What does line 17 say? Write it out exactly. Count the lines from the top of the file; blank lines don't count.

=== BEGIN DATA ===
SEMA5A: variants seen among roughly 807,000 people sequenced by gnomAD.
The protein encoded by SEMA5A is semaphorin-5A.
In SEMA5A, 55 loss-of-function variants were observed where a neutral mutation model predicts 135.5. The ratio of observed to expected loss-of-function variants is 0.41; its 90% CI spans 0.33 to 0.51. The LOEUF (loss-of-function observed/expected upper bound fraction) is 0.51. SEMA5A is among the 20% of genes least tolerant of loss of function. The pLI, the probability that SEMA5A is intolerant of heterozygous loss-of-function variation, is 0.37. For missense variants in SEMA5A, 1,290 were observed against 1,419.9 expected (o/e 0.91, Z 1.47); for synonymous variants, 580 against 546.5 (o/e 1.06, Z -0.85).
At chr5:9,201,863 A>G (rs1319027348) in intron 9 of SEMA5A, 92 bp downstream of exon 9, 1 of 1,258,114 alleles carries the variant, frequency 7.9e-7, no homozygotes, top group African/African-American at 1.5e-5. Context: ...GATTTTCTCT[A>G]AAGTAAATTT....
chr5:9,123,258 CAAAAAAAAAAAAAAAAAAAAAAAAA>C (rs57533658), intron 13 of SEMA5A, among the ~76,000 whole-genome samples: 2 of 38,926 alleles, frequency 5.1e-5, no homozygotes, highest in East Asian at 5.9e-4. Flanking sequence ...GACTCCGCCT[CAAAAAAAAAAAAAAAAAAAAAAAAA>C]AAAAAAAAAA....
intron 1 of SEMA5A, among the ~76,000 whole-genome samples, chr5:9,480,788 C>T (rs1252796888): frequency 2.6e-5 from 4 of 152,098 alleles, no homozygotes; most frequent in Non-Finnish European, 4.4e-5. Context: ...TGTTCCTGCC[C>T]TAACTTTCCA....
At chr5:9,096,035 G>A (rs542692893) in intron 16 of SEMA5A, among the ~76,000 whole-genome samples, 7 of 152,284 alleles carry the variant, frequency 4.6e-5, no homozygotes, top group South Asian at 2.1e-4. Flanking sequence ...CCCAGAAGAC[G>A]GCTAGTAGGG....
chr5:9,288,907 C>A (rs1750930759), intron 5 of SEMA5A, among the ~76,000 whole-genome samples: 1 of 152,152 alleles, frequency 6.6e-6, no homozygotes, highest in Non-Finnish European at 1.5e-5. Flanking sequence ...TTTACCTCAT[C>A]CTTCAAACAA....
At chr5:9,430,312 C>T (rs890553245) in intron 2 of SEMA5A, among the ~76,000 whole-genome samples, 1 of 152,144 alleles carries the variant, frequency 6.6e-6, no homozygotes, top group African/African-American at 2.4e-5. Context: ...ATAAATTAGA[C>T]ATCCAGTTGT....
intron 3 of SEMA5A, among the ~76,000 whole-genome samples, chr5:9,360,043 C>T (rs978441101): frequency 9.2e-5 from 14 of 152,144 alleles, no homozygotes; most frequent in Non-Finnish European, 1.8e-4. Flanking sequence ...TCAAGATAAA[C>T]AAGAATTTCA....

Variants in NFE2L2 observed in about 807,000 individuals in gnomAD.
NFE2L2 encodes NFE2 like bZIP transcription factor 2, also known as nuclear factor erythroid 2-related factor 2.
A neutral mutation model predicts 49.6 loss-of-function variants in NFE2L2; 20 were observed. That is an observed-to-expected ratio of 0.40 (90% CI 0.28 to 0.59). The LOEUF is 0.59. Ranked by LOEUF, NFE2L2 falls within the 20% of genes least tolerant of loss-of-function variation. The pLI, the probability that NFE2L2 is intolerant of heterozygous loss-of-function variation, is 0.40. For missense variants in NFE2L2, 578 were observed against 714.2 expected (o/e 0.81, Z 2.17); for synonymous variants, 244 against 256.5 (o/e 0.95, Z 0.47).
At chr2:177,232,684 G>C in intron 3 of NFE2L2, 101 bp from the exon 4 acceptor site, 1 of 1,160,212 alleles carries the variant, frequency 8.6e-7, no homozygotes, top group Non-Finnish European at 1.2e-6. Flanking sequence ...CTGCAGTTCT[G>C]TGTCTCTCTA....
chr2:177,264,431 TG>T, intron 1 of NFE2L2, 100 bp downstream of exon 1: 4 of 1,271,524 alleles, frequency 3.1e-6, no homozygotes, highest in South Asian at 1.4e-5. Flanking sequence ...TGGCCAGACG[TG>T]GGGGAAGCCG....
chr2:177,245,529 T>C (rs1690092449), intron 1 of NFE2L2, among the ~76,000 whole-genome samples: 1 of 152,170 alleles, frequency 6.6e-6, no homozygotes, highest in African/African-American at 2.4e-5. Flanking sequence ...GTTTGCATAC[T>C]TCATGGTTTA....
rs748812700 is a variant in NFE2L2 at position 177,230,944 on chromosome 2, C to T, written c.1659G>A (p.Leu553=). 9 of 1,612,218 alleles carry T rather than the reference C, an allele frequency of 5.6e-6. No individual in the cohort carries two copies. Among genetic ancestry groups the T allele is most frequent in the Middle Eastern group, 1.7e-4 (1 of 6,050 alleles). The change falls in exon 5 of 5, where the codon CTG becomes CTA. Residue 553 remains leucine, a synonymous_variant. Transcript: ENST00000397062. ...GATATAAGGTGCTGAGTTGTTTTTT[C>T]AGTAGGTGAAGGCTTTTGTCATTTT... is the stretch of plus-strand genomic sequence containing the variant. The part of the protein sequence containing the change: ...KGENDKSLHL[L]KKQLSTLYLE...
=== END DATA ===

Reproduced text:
rs748812700 is a variant in NFE2L2 at position 177,230,944 on chromosome 2, C to T, written c.1659G>A (p.Leu553=). 9 of 1,612,218 alleles carry T rather than the reference C, an allele frequency of 5.6e-6. No individual in the cohort carries two copies. Among genetic ancestry groups the T allele is most frequent in the Middle Eastern group, 1.7e-4 (1 of 6,050 alleles). The change falls in exon 5 of 5, where the codon CTG becomes CTA. Residue 553 remains leucine, a synonymous_variant. Transcript: ENST00000397062. ...GATATAAGGTGCTGAGTTGTTTTTT[C>T]AGTAGGTGAAGGCTTTTGTCATTTT... is the stretch of plus-strand genomic sequence containing the variant. The part of the protein sequence containing the change: ...KGENDKSLHL[L]KKQLSTLYLE...